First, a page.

The result is:
                                                  • One table header (the grey area below)
                                                  • One table body with 2 rows (for 2 items in the order, since we used an input XML file with 2 items only)

                                                  Note the code generated for the report header is similar but slightly different in the locations.

                                                  Introduction to Variables and Keys

                                                  This section will introduce the use of XSLT Variables and Key in the designer.

                                                  Variables can be defined like this:

                                                  <xsl:variable name="Variablename" select="value"/>

                                                  Some examples are:
                                                  • <xsl:variable name="color" select=“'blue'“/> : this creates a variable named color and sets the value to 'blue'
                                                  • <xsl:variable name="color" select=“/MYDOCUMENT/COLOR“/> :  this creates a variable named color and sets the content of the XML node /MYDOCUMENT/COLOR.
                                                  • <xsl:variable name="color" /> : this creates the variable and the value will be an empty string.

                                                  The variable can later on be read using the syntax $variable name. For example:
                                                  • You can use $color as value in the Xpath of a field name
                                                  • Or you can type in this expression in a free code field:

                                                    <xsl:value-of select="$color"/>

                                                  Keys are similar to database lookups. First you need to defined a key (this has to be done in the initialization part of the report). The syntax is:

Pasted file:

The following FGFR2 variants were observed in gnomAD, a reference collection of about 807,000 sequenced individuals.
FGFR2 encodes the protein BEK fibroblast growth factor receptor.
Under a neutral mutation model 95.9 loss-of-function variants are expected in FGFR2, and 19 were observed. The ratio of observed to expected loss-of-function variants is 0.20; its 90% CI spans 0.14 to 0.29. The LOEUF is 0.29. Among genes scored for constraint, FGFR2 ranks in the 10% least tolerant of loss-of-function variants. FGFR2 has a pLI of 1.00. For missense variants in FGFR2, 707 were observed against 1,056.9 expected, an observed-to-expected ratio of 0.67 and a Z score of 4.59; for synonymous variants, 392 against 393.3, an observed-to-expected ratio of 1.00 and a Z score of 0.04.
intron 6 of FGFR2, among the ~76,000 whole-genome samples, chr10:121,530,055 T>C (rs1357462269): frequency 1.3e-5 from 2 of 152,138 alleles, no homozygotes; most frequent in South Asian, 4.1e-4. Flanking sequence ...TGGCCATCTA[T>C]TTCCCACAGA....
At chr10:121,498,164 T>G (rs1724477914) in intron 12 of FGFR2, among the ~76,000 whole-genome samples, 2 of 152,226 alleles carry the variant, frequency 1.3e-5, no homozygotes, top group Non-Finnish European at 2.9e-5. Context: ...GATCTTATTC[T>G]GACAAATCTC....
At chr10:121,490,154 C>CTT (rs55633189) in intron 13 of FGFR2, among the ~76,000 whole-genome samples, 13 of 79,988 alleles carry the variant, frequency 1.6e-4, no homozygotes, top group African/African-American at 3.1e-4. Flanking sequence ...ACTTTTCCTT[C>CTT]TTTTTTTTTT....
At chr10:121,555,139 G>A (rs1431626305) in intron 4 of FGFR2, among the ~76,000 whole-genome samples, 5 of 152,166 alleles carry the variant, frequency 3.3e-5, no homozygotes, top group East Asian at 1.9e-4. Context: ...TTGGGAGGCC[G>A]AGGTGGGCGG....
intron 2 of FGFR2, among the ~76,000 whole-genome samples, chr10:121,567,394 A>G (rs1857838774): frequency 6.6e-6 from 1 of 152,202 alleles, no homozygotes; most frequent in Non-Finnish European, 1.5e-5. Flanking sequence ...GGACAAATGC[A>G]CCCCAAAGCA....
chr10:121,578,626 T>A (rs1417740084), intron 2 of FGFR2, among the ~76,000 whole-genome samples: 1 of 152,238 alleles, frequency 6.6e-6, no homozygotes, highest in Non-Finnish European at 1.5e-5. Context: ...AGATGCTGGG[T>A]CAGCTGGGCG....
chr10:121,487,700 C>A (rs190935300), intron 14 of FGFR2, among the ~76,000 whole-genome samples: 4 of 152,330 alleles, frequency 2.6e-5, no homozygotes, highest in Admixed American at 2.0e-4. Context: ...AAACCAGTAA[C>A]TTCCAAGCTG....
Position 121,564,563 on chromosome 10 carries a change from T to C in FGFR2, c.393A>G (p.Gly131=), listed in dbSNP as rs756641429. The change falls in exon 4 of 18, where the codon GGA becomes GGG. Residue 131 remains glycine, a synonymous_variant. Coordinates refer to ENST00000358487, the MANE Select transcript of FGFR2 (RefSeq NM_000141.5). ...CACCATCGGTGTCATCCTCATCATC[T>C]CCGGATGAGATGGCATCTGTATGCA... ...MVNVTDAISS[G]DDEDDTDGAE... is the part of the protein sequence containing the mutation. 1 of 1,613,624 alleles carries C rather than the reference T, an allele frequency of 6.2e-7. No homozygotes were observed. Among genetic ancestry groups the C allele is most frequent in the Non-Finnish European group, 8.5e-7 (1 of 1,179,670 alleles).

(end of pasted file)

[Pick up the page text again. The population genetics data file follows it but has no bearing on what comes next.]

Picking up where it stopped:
<xsl:key name="keyname" match="node" use="indexexpression"/>

                                                  • Name: is the name of the key.
                                                  • Match: is the node that the key should return. It is like a table name in a database lookup. For example, if we have a structure like /Persons/Person/FirstName and /Persons/Person/LastName and we want to create a lookup to find all persons named „Peter“, we use /Persons/Person as Node or Table.
                                                  • Use: this is the index field (like an index field in a database table). Since we are going to search by name we will use the element firstname.

                                                    The key will therefore be:

                                                    <xsl:key name="mySearch" match="/Persons/Person" use="FirstName"/>

                                                  The Lookup can be the executed using the key() function:


                                                  The expression can be a constant like 'Peter' , a variable or a node (XPath)

                                                  For this input data:


                                                  The key function can be used in the report like this:
                                                  • Execute the lookup and store the output in a variable named result. You can do this in the „Start code“ in the Advanced tab of the area (see next section)

                                                    <xsl:variable name="result" select="key('mySearch','Peter')[1]"/>

                                                    pay attention to the [1] which will store only the first returned node (in case there are several persons with name Peter)
                                                  • You can use the variable of the previous step in a field of your area, for example setting the Xpath value  to $result/LastName.